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Does Behavioral Addiction Recovery Involve Withdrawal Symptoms?

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Does Behavioral Addiction Recovery Involve Withdrawal Symptoms?

When people hear the term addiction, they most likely think of a dependence on drugs or alcohol. It has taken years for people to accept the fact that addiction is an actual disease and not just a moral flaw. Now a new topic in addiction has emerged, and this is the concept of behavioral addictions. Doctors and psychologists have declared that addiction is not strictly limited to substances and can involve activities or behaviors. The most common behavioral addictions include the following:

  • Compulsive gambling
  • Sexual addiction
  • Food or eating addictions
  • Exercise addiction
  • Computer games or Internet addictions
  • Shopping addiction
  • Work addiction

How Do Behavioral Addictions Work?

Behavioral addictions begin with individuals who are unsatisfied (physically or emotionally) and need to find something that will heighten or improve their mood. Individuals with behavioral addictions find an activity or behavior that stimulates their mood such as exercising or gambling, and the positive experience leads to the behavior being repeated. Individuals begin to perform this activity more frequently until it becomes an obsession or compulsive habit. The elation, relief, or euphoria created from the behavior is produced by the release of dopamine or serotonin in the brain. These chemicals allow individuals to experience a rush of adrenaline or pleasure. Because the activity brings such joy and relief to the individual, he or she develops cravings to participate in the behavior. Both the brain and body need the activity to continue and progress to keep releasing pleasure-fulfilling chemicals.

Does Behavioral Addiction Recovery Involve Withdrawal Symptoms?

Common Withdrawal Symptoms of Behavioral Addictions

A behavior is an addiction if the behavior or activity interferes with a person’s physical, psychological, social, occupational, or behavioral functioning. When the behavior or activity is stopped, the individual will experience withdrawal symptoms. A behavioral addiction meets both requirements. The symptoms of withdrawal will vary depending on the activity, but a few common physical and psychological symptoms include the following:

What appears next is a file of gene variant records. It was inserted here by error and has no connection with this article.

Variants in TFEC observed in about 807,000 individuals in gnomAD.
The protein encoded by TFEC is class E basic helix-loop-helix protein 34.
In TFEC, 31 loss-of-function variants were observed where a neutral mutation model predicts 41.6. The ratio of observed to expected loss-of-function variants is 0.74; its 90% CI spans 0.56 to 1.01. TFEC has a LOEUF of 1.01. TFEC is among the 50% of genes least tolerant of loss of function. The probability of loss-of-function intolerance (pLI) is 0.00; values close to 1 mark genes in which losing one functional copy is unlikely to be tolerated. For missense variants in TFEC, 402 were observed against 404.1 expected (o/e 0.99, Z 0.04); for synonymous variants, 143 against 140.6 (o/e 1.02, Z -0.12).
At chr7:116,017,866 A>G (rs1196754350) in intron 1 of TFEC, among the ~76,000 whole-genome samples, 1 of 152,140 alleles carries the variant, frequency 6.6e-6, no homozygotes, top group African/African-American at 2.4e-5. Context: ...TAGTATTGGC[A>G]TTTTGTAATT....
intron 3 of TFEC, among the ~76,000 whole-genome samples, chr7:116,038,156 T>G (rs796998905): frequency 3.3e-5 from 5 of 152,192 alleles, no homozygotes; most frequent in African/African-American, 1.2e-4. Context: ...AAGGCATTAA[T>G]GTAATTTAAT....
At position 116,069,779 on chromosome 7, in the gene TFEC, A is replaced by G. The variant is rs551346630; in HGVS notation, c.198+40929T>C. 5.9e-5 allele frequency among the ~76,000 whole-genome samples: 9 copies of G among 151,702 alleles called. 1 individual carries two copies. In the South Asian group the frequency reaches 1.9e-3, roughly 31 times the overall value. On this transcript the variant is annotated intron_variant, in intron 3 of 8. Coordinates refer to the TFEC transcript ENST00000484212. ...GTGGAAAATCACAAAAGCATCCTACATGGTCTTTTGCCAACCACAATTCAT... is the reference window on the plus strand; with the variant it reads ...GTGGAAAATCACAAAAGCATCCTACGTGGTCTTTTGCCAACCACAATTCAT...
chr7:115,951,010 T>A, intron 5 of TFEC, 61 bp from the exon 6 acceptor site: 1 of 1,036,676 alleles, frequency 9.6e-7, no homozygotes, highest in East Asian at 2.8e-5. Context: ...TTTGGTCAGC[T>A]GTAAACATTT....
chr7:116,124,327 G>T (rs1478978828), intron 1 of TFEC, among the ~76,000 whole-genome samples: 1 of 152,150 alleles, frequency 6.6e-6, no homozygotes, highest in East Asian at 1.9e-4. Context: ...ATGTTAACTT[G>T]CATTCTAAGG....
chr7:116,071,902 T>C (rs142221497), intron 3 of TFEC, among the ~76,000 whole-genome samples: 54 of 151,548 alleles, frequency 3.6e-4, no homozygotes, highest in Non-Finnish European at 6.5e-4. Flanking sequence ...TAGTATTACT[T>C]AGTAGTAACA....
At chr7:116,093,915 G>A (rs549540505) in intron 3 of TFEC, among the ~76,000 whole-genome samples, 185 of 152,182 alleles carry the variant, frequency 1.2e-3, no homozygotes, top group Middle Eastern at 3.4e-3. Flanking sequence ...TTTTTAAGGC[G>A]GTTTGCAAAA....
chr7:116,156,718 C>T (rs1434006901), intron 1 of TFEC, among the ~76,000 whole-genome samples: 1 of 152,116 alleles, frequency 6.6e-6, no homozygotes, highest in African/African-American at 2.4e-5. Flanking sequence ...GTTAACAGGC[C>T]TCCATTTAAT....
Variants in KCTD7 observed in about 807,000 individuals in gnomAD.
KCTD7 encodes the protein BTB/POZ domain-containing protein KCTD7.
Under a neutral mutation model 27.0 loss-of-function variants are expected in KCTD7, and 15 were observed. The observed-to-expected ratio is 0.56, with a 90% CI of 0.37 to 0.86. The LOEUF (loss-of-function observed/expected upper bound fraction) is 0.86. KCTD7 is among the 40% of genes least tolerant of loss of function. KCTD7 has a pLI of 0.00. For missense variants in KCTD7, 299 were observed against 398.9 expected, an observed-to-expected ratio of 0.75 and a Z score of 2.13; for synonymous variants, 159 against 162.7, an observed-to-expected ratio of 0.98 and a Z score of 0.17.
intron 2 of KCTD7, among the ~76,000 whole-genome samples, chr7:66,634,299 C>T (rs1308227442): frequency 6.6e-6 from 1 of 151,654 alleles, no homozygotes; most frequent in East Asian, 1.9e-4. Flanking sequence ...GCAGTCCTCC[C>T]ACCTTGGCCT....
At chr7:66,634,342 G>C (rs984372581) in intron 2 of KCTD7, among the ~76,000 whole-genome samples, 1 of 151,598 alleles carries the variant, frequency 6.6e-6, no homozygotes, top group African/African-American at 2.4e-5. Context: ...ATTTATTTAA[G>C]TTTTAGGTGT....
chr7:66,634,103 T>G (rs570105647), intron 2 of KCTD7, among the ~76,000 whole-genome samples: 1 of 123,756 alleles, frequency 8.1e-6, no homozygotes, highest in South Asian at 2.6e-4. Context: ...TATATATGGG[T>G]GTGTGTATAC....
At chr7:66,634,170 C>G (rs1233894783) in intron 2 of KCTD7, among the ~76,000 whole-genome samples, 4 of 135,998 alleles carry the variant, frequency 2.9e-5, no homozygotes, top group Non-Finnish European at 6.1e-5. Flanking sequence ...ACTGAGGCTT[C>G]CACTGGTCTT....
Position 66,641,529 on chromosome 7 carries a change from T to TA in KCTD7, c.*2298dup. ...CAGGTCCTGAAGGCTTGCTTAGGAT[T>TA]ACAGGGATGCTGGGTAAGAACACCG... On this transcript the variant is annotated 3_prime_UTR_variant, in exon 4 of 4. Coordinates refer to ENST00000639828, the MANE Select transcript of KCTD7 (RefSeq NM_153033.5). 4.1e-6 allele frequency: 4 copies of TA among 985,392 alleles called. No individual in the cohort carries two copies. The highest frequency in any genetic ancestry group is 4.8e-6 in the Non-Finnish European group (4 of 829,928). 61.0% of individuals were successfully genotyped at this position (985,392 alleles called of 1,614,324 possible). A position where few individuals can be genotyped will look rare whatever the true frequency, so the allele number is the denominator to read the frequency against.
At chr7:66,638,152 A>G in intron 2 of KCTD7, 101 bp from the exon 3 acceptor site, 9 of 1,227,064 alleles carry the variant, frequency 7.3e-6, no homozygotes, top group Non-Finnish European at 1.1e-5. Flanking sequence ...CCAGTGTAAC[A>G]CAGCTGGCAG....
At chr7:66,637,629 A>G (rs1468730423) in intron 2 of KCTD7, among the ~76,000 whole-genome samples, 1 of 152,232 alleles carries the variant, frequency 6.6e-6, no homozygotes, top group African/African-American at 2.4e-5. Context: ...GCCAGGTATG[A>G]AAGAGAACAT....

• Anxiety, nervousness
  • Irritability, restlessness
  • Guilt
  • Sweating
  • Depression
  • Emotional instability
  • Sleep difficulties
  • Appetite changes, significant weight loss or gain
  • Fatigue
  • The need to switch addictions

Withdrawal symptoms recreate the feelings of stress or pain from which the addict was trying to escape. The physical and emotional exhaustion of withdrawal can cause individuals to relapse back into addiction or to switch addictive behaviors. Many people struggling with a behavioral addiction turn to drugs or alcohol to cope with pain related to the consequences of the behavioral addiction or to its withdrawal symptoms.

How Do You Treat a Behavioral Addiction?

Research has allowed us to learn more about the reality of behavioral addictions, and it has improved the options for effective treatment. There are a number of treatment options available for individuals struggling with behavioral addictions, and these include a combination of treatments and behavioral therapies. The quality treatment goes much further than getting an addict to “quit” the behavior. It treats the root causes that triggered the addictive behavior in the first place. The most successful treatment options involve a comprehensive treatment plan for holistic recovery.

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